But even as the group stands firmly behind Bdein, Tzintzún Ramirez warns the administration can’t take young voters’ support for granted. And she is not alone.
Biden “is making a massive mistake — not only morally, but politically and electorally — if he continues to ignore the majority of people in this country’s plea for a ceasefire. [He is making that mistake] ahead of a critical election where we need to see the difference not only between the Republicans and the Democrats, but [we also need to see] Democrats standing on the side of justice,” says Weindling from the Sunrise Movement.
Her organization and their partners were pleased by Biden’s willingness to work with them on the creation of a climate jobs training program, the American Climate Corps, a key piece of their agenda — even as they were pissed about Biden’s approval of the Willow Project, an oil drilling project on the north slope of Alaska. Weindling says the outrage over that decision is minor compared to what she is seeing among her cohort now.
“Where we’re at right now is like Willow times one million,” she adds.
Even the gun control group March for Our Lives is urging Biden to take a stronger stance. “We’re an organization that was founded by and then committed to peace and nonviolence. I mean, it’s the whole reason we exist: To protect young lives. And anywhere that our lives, as young people, are threatened is cause for deep concern,” says Ryan Barto, a spokesperson for the group. “Like the vast majority of young Americans, we’re calling on the president to step in, and to help stop that bleeding and end that violence.”
A White House spokesperson points out that Biden has publicly called for a “humanitarian pause” to protect civilians attempting to leave and to allow aid to flow into Gaza, and the president has pressed Netanyahu privately to that effect. Nationally, approval of Biden’s support for Israel is evenly split — in large part thanks to support from older voters, and Republicans.
The Biden campaign, for its part, insists that it is listening. “President Biden continues to work closely and proudly with leaders in the Muslim and Palestinian communities in America, to listen to them, stand up for them, and fight back against hate,” says Ammar Moussa, director of rapid response for Biden-Harris 2024.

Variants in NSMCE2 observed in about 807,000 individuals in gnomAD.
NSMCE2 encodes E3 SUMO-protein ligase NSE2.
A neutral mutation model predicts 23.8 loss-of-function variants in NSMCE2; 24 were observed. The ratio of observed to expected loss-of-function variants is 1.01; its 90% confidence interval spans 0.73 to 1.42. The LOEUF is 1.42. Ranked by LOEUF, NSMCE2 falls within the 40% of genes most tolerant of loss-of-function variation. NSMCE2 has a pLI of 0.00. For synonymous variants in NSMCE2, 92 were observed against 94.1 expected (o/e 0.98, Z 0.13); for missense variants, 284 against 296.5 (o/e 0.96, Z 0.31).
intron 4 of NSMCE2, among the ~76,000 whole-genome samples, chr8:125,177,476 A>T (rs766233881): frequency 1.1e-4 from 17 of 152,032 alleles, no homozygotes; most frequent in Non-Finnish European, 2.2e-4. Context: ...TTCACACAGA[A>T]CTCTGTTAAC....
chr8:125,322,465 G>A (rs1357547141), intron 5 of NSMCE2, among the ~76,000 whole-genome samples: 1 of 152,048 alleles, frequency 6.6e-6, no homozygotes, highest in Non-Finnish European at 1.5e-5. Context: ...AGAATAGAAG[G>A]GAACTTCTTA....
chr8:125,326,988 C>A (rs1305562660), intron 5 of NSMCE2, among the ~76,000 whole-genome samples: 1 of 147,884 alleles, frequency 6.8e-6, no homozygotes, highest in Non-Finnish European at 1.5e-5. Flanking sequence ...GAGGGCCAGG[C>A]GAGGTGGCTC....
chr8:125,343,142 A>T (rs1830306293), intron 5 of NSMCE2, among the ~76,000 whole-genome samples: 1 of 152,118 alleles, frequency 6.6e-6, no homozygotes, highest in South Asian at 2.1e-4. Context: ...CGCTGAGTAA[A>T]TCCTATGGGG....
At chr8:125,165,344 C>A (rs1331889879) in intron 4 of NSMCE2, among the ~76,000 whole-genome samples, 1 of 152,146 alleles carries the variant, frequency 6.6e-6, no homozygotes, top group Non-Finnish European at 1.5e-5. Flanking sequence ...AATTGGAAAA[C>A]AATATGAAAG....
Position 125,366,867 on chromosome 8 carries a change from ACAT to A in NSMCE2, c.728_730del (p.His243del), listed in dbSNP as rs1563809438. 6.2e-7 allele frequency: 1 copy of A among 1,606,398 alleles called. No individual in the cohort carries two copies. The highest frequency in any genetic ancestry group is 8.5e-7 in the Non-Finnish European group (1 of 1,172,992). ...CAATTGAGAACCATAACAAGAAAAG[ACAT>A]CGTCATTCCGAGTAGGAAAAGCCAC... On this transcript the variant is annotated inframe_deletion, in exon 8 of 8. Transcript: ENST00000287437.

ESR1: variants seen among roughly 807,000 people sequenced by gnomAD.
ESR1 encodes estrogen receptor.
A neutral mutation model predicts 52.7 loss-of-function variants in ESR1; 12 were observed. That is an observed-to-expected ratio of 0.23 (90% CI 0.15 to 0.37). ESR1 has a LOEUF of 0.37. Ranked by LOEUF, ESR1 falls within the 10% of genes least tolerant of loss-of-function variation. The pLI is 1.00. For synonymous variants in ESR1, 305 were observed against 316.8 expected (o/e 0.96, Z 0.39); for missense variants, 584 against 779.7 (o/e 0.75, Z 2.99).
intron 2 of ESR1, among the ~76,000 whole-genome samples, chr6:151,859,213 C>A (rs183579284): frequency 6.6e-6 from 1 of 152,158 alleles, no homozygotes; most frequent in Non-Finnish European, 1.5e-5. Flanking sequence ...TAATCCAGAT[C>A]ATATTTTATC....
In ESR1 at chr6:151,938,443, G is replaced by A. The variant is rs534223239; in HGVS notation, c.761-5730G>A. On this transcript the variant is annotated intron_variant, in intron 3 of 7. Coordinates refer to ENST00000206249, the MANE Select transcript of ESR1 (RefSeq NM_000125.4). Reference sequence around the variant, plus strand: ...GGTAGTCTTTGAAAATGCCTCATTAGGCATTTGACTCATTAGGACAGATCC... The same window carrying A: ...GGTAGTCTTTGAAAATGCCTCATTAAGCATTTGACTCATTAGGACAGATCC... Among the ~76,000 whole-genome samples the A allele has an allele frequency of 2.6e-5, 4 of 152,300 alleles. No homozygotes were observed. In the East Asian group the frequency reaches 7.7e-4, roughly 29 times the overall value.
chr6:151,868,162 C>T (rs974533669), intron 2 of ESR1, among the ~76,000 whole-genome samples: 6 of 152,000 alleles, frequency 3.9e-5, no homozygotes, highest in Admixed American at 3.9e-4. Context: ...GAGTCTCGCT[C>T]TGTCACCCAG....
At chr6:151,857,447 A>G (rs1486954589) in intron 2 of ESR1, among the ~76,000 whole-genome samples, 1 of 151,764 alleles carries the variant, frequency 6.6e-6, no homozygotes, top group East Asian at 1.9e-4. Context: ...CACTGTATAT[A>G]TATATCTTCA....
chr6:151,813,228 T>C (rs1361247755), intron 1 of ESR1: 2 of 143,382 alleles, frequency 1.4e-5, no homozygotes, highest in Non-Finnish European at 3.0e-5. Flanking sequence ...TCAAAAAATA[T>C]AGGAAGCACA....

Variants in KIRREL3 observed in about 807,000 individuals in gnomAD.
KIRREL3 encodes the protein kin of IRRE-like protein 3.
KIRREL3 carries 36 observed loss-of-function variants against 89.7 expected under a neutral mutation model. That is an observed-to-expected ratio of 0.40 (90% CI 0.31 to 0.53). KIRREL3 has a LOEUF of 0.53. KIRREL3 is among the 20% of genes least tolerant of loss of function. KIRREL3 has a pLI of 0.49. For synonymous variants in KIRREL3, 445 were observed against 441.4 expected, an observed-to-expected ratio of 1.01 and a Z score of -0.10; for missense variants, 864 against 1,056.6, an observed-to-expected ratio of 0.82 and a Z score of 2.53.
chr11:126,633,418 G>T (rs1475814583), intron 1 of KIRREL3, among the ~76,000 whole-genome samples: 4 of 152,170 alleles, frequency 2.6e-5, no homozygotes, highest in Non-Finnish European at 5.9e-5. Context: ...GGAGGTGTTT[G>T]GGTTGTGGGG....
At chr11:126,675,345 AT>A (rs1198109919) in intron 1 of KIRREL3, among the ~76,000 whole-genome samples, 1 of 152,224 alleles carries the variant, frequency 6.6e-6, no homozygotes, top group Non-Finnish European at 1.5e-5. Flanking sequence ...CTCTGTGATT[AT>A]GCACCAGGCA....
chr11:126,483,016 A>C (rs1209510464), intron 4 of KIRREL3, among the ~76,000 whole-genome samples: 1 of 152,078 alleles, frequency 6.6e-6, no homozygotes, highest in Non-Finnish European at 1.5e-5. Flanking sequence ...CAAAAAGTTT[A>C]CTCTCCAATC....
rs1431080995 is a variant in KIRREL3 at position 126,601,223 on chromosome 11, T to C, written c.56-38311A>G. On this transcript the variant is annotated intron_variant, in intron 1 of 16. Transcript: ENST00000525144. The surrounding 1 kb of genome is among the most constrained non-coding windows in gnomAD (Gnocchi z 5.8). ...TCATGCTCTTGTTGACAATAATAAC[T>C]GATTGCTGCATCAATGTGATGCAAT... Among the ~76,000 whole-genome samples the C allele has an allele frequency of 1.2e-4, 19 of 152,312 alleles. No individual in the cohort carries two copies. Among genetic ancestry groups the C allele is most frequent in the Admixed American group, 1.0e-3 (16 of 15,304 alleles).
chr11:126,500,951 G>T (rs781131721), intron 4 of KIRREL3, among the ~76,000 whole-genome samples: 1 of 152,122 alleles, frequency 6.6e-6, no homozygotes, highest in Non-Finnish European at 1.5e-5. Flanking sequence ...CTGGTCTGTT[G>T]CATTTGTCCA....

Biden has, of course, confounded skeptics who warned young voters would not show up for him before. The leftist PAC Justice Democrats was highly critical of Joe Biden in the primary — but eventually threw the full weight of its support behind his bid, spending hundreds of thousands of dollars on ads that ran in swing states like Pennsylvania and Arizona begging voters to “Take 10 minutes this November and f—ing vote.”
Usamah Andrabi, communications director for the group, says, “I think the progressive movement that young voters were excited to see a president actually listening to them even a little. But over the last few weeks, I think for a majority of young voters, it has felt like they are screaming to deaf years.”
His advice to the White House is that it pays attention. “I think the gamble Joe Biden is making is that young people, like so many voters, don’t care about foreign policy,” Andrabi says. “But I don’t think it’s 2002 anymore. We have lived through two decades of failed, endless wars. Failed foreign policy decisions by our government. And young people are activated about this. They have always been at the center of the pro-peace movement in this country. And it is shameful for the President to think that, come a year from now, they’ll forget what he greenlit in Gaza, which is genocide.”